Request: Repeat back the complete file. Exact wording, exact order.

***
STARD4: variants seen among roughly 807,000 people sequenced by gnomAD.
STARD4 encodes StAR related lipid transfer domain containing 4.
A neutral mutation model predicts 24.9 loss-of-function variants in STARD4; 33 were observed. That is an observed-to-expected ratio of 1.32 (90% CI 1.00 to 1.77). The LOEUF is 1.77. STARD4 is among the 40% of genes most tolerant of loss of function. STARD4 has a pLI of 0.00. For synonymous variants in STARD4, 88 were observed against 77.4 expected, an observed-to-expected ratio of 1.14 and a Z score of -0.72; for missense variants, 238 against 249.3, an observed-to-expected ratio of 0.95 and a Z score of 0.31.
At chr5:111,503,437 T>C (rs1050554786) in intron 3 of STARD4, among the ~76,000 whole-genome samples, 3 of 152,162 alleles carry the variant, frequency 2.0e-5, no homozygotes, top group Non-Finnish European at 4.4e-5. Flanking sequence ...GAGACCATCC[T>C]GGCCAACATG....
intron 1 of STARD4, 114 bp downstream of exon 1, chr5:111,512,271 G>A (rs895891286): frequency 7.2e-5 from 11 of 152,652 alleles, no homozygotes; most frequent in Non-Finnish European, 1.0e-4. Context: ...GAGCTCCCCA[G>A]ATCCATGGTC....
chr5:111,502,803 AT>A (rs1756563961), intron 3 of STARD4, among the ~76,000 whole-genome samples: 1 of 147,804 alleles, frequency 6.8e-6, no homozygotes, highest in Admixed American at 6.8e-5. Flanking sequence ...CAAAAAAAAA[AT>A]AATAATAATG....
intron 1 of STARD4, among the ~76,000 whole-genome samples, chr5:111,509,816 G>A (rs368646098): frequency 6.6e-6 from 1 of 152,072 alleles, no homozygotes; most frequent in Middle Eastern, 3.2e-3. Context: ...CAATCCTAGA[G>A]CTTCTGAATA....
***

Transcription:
STARD4: variants seen among roughly 807,000 people sequenced by gnomAD.
STARD4 encodes StAR related lipid transfer domain containing 4.
A neutral mutation model predicts 24.9 loss-of-function variants in STARD4; 33 were observed. That is an observed-to-expected ratio of 1.32 (90% CI 1.00 to 1.77). The LOEUF is 1.77. STARD4 is among the 40% of genes most tolerant of loss of function. STARD4 has a pLI of 0.00. For synonymous variants in STARD4, 88 were observed against 77.4 expected, an observed-to-expected ratio of 1.14 and a Z score of -0.72; for missense variants, 238 against 249.3, an observed-to-expected ratio of 0.95 and a Z score of 0.31.
At chr5:111,503,437 T>C (rs1050554786) in intron 3 of STARD4, among the ~76,000 whole-genome samples, 3 of 152,162 alleles carry the variant, frequency 2.0e-5, no homozygotes, top group Non-Finnish European at 4.4e-5. Flanking sequence ...GAGACCATCC[T>C]GGCCAACATG....
intron 1 of STARD4, 114 bp downstream of exon 1, chr5:111,512,271 G>A (rs895891286): frequency 7.2e-5 from 11 of 152,652 alleles, no homozygotes; most frequent in Non-Finnish European, 1.0e-4. Context: ...GAGCTCCCCA[G>A]ATCCATGGTC....
chr5:111,502,803 AT>A (rs1756563961), intron 3 of STARD4, among the ~76,000 whole-genome samples: 1 of 147,804 alleles, frequency 6.8e-6, no homozygotes, highest in Admixed American at 6.8e-5. Flanking sequence ...CAAAAAAAAA[AT>A]AATAATAATG....
intron 1 of STARD4, among the ~76,000 whole-genome samples, chr5:111,509,816 G>A (rs368646098): frequency 6.6e-6 from 1 of 152,072 alleles, no homozygotes; most frequent in Middle Eastern, 3.2e-3. Context: ...CAATCCTAGA[G>A]CTTCTGAATA....